03/16/16 2:06pm

A Tale of Two Fried Chicken Sandwiches at Queens Center


The Chick’n Shack is a worthy alternative to Shake Shack’s hamburgers.

“Really? That’s like going to Peter Luger and getting the salmon,” my pal Robbie told me when I said I was excited to try the chicken sandwich at the newish Shake Shack in the Queens Center. Robbie is a big, big fan of their burgers. Not to say that I’m not, but I seem to be on a fried chicken sandwich kick of late.

As I waited on line a young couple in front of me bantered about the name of the sandwich “Chick’n Shack.” Soon it was time for me to fork over $6.29 for a cage-free buttermilk marinated fried chicken sandwich. As I waited for my sandwich I noticed somebody with a bottle of Louisiana brand hot sauce and immediately grabbed some to doctor up my bird. Shortly thereafter the Shake Shack pager began to vibrate and I picked up my order.

After the obligatory photo shoot, I splashed on some hot sauce and dug in. It was one of the juiciest crunchiest fast-food chicken sandwiches I’ve ever had. I could easily have eaten two. It was certainly the best fried chicken sandwich I’ve ever had in a mall.

After I finished my World’s Fare Concrete—vanilla custard topped with matcha, marshmallow sauce and crispy crunchies—I decided to check out the offerings in the nearby World’s Fare Food Court. It had been years since I’d been in a conventional mall food court, so I thought I’d see what was going on. And that’s where I encountered Boc Boc Chicken.


Unfortunately Boc Boc’s sandwich is undeserving of the word ‘chicken delicious.’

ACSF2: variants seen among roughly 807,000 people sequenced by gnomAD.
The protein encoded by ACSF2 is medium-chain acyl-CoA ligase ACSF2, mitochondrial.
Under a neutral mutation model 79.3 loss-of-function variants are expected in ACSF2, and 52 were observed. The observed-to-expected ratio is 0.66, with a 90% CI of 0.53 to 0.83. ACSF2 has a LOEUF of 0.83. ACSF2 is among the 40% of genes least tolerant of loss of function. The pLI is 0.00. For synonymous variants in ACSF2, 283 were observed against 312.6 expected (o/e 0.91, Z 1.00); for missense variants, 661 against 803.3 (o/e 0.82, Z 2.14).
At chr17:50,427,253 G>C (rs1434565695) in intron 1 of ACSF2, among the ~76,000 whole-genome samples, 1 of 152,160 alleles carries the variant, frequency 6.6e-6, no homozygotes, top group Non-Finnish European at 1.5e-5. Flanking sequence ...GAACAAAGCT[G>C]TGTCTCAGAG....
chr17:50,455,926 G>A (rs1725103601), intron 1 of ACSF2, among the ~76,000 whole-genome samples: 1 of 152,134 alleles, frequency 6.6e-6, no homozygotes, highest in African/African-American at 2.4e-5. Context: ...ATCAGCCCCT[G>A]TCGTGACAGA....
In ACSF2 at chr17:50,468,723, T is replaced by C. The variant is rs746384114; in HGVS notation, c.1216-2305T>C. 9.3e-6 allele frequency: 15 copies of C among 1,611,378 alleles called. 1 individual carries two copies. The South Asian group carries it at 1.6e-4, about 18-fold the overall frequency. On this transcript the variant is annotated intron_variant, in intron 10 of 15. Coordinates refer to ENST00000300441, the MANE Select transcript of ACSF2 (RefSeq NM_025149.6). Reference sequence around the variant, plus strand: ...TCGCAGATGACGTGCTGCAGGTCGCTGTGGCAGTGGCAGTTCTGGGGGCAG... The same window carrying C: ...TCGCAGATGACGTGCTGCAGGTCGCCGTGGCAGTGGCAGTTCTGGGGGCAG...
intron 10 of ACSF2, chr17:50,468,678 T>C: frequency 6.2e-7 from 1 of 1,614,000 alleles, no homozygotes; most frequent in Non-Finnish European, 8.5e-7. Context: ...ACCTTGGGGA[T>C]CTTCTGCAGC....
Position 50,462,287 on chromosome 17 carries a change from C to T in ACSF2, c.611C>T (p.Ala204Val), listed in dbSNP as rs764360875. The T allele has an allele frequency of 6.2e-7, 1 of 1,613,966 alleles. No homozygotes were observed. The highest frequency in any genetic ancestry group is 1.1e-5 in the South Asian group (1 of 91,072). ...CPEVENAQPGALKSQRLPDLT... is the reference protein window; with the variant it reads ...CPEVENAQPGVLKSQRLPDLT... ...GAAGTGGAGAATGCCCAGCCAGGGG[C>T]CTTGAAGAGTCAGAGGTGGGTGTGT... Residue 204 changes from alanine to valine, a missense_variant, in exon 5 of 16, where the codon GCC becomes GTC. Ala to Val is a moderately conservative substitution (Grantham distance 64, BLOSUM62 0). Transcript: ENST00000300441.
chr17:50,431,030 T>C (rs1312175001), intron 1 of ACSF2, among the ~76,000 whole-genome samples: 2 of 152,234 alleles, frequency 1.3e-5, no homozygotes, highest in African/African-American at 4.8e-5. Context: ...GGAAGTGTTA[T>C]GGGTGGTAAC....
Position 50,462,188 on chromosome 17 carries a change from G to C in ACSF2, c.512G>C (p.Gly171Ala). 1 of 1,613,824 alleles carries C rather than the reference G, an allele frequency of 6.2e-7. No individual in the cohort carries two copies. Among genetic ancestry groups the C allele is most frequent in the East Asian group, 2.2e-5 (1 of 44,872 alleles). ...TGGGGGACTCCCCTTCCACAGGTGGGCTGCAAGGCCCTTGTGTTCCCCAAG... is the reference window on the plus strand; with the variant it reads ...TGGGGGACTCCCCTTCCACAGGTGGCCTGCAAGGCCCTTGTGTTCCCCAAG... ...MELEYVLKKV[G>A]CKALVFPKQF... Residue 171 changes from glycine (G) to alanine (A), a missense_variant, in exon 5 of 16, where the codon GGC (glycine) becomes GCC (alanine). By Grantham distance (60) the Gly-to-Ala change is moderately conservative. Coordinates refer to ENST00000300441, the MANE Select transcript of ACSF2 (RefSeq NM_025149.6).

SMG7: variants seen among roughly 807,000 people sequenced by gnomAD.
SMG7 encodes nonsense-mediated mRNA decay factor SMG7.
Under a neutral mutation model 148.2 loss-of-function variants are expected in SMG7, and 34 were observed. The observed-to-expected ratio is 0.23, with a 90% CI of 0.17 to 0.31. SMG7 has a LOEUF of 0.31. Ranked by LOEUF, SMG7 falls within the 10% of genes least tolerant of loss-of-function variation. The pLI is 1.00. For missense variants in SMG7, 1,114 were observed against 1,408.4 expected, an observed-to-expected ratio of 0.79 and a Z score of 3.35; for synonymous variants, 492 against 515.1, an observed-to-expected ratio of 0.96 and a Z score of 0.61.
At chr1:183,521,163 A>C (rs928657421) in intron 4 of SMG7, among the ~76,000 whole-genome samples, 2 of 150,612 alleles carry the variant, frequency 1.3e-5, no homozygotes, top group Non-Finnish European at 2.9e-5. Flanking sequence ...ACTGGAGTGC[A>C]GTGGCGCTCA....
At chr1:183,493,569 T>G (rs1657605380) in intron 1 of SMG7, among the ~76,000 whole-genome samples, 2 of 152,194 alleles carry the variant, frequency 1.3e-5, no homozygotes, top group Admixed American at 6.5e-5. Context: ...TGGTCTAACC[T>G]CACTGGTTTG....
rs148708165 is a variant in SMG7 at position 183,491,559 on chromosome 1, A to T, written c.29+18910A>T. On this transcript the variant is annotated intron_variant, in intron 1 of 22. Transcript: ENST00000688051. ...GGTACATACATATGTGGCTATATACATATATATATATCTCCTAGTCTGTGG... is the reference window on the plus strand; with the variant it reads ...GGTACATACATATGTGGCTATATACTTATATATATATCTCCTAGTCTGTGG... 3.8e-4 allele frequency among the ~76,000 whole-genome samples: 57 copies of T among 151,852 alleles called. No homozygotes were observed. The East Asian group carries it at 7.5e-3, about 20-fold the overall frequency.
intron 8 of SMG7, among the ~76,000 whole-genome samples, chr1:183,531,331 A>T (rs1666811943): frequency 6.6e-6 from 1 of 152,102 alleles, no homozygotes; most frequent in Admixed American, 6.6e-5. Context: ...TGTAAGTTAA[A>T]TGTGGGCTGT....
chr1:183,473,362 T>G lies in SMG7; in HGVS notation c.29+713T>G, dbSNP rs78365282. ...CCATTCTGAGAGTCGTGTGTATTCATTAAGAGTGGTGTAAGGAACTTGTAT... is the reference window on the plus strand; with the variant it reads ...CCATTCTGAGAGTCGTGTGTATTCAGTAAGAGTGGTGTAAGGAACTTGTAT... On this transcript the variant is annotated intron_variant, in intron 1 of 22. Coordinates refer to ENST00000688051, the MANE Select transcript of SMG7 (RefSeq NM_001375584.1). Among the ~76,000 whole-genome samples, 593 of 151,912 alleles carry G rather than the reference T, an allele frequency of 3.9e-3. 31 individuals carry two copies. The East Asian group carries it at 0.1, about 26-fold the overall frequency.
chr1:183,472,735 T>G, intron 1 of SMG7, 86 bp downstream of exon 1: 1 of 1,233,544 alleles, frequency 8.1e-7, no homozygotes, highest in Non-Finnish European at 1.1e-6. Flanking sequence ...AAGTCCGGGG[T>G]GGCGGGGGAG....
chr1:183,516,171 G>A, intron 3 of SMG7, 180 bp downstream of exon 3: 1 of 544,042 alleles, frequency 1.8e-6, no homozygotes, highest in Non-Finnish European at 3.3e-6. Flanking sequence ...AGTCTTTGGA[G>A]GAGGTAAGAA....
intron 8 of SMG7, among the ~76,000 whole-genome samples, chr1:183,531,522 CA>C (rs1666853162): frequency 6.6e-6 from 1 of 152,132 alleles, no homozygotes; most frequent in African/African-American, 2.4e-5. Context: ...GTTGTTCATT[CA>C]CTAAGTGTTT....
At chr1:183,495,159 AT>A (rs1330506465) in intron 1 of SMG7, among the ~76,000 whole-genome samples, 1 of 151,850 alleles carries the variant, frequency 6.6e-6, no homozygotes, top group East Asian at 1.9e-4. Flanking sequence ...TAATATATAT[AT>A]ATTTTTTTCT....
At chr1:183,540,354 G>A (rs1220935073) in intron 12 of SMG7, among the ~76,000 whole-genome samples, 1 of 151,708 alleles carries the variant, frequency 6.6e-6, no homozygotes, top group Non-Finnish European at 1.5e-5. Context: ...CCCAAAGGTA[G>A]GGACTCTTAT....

Boc Boc, which also serves fried chicken made from happy birds, predates Shake Shack. When the gal in front of the faux Korean style chicken shack offered me a sample of fried chicken I knew what had to be done and gamely paid my five and change  for a fried chicken sandwich. While it paled in comparison to its neighbor, it was certainly a generous sandwich for the price. The two soggy pieces of breast with American cheese in between on a squishy bun with lettuce and tomato were hardly Chickendelicious as their wrapper proclaimed. While the sauce was vaguely Asian unfortunately the chicken itself bore little resemblance to a top-flight Korean fried chicken.

With all the fried chicken flying around New York City these days I’ll lay odds that it won’t be long before somebody creates a Korean fried chicken sandwich, a KFC if you will. As for me, I’m off fried chicken for the next few days.

Shake Shack, Queens Center, 90-15 Queens Blvd., 347-225-0190
Boc Boc, Queens Center, 90-15 Queens Blvd., 718-271-8098

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